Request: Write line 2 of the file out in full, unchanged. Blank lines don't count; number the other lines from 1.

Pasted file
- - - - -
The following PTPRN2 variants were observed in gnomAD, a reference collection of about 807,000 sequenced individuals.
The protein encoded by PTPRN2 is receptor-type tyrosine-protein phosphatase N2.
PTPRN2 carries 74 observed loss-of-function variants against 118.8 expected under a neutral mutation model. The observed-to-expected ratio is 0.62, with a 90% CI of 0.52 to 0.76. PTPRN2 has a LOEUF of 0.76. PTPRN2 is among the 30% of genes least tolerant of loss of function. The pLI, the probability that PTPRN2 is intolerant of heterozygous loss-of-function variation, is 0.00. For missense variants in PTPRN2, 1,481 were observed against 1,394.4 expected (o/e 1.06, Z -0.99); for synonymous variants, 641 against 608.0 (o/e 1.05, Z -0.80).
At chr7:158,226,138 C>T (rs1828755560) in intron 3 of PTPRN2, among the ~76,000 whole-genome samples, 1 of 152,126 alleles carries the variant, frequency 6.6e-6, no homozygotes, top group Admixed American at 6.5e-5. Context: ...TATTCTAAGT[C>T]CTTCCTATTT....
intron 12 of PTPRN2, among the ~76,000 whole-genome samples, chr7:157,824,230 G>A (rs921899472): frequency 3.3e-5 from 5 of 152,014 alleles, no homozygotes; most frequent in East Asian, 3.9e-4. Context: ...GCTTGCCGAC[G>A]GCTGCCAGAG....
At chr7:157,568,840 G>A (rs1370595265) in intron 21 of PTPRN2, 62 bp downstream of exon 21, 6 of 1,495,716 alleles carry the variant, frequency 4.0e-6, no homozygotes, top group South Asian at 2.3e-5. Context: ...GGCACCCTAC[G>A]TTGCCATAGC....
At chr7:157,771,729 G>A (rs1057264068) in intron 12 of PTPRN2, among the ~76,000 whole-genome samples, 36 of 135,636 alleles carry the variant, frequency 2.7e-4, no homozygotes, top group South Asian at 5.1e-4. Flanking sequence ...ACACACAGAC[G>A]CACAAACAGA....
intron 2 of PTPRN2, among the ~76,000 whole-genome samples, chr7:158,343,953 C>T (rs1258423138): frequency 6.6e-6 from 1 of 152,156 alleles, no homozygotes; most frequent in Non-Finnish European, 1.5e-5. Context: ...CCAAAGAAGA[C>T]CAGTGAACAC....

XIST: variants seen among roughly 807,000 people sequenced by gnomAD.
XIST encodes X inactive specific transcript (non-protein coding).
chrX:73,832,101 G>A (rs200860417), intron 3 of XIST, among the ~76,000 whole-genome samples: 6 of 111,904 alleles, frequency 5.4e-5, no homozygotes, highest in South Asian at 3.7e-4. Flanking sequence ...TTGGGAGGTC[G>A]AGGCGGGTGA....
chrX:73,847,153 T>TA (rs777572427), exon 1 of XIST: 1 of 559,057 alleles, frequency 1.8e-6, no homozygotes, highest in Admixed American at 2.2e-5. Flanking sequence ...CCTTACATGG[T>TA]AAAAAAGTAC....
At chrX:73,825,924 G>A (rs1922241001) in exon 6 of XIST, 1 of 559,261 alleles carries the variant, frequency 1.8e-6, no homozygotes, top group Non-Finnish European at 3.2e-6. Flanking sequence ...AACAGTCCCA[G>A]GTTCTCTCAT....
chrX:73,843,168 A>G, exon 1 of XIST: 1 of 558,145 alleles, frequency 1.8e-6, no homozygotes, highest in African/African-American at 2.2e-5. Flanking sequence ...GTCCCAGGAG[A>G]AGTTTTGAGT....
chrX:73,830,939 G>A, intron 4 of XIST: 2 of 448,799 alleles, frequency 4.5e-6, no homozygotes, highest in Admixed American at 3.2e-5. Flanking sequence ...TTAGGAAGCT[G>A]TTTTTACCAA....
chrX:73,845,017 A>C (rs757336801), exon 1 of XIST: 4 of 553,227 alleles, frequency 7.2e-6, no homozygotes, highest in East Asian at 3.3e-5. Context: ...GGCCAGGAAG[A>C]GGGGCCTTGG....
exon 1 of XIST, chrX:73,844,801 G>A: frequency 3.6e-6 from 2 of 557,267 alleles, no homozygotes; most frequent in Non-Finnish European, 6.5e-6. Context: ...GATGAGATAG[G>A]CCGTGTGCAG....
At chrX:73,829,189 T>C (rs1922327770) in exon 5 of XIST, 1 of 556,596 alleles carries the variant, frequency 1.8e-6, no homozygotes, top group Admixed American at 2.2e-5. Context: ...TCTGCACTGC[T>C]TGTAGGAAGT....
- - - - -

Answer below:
The protein encoded by PTPRN2 is receptor-type tyrosine-protein phosphatase N2.